civic identity, nation, Armenity, identity policy, nation-building, cultural-confessional model of identity, civil society in Armenia, nation-building, velvet revolution, protest actions, social transformation.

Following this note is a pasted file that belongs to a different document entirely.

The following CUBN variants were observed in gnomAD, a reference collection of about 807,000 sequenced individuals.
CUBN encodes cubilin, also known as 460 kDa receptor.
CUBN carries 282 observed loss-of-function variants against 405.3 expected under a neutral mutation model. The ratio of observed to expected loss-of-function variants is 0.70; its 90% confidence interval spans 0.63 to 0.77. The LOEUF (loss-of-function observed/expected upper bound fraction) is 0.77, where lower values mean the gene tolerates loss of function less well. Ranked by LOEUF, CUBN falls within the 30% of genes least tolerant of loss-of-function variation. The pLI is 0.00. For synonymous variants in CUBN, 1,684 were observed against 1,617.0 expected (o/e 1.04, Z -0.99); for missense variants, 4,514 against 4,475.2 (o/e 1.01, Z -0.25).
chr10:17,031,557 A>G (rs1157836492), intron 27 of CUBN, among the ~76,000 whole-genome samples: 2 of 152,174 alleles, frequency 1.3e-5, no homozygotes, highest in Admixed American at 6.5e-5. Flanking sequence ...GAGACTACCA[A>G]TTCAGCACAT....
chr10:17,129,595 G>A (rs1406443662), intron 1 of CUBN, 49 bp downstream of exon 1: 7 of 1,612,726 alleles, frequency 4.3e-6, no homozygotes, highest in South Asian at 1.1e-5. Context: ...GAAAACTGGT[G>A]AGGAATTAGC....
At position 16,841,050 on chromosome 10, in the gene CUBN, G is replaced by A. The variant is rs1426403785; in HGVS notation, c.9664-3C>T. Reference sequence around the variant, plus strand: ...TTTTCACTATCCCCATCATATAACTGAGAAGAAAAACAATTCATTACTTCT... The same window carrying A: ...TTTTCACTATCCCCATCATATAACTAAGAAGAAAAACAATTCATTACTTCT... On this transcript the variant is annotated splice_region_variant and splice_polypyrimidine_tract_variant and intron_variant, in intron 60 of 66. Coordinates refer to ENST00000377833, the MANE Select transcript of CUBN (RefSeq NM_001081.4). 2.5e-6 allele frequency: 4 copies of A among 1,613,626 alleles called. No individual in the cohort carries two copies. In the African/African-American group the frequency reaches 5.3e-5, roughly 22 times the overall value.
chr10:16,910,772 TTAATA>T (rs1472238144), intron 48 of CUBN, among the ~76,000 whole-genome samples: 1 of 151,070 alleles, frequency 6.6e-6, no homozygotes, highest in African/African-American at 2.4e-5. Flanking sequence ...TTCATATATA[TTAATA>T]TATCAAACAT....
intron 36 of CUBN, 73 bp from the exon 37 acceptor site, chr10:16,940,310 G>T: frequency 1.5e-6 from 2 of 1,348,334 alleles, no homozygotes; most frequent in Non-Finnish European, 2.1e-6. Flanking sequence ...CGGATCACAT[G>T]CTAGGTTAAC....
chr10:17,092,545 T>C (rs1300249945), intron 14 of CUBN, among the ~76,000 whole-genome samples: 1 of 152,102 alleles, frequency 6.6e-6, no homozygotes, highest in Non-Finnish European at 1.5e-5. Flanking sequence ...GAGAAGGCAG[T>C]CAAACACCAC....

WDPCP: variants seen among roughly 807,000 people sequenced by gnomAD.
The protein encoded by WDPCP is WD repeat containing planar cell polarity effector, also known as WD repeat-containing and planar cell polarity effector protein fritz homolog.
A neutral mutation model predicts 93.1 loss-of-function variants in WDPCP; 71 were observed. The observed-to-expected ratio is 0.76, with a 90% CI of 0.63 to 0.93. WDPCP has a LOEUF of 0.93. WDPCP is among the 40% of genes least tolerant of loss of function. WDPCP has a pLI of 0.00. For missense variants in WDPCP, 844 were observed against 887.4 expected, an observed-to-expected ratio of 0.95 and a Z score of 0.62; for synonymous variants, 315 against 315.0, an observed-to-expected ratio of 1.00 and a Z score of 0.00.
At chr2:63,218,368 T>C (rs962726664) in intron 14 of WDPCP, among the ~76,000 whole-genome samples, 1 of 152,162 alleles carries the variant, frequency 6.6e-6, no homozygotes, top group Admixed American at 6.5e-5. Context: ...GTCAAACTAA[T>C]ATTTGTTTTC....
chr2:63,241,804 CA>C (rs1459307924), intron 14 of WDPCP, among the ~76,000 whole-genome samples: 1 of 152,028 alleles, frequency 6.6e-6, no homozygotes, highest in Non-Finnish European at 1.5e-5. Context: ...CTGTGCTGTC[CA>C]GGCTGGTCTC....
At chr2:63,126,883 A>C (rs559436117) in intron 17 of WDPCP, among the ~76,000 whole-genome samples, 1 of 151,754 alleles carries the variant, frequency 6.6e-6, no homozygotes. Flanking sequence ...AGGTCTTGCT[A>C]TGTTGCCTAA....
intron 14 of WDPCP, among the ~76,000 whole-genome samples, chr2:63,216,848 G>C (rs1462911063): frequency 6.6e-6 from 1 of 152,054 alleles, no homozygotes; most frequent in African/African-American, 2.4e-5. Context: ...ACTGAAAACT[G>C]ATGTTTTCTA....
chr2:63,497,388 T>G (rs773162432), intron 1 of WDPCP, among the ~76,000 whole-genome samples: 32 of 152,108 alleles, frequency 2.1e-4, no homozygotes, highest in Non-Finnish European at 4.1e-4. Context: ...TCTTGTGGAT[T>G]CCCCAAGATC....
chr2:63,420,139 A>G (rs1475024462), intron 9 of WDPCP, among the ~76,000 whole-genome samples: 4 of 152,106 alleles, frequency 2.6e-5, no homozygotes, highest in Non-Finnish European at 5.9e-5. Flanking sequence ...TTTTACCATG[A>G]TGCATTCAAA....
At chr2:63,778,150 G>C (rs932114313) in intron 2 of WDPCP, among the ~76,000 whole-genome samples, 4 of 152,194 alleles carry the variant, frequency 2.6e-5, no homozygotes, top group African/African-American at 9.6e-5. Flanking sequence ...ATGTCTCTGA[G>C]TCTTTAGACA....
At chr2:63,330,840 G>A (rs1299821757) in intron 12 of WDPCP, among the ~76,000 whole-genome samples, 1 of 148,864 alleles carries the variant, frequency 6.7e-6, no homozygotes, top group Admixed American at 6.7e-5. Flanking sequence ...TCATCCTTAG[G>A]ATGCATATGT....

This paper is devoted to the issue of civil identity development in Armenia in the context of the protest movements of recent years that culminated in the “velvet revolution” in 2018. Through a comprehensive analysis, the authors aim to define the main factors that have had an influence on Armenian society’s civic consciousness transformation. The authors believe that it is necessary to take into account the specifics of the historical development of the Armenian people, not excluding the use of existing general methodological concepts (mainly created in the context of Western society’s development). Regarding the development of Armenian society’s civil identity, a significant place is given to the Soviet period, which, with all the positive and negative aspects of this era, contributed to the formation of a number of civic consciousness basic elements, which to some extent became the basis for the future independence movement. “Karabakh”, “Armenian army”, “state”, “historical past”, “tradition”, and “Christianity” are all concepts included in the symbolic portrait of modern Armenian citizenship, albeit with great reservations. These reservations are connected with the specifics of the construction of the Armenian national consciousness, on the basis of various elements that are formed during the conflict of cultural, confessional and civic identity models. In the post-Soviet period, social discourse in Armenia was built around the opposition of “ethno-national” and “state-centric” approaches. The construction of civic identity in this context directly depends on the development of society, since the level of “personalization” of political institutions has a close relationship with the degree of trust in them. The presented statistics confirm this by demonstrating the specificity of the transformation of civil consciousness before and after the “velvet revolution”, as well as defining the main trends of domestic policy and the development of Armenian society as a whole. The authors present an analysis of the main factors (change of generations, political culture, transformation of social protest into political), contributing to further research on the development of civic identity in the face of the new risks emergence and threats in the context of determining the optimal format of relations between the state and society.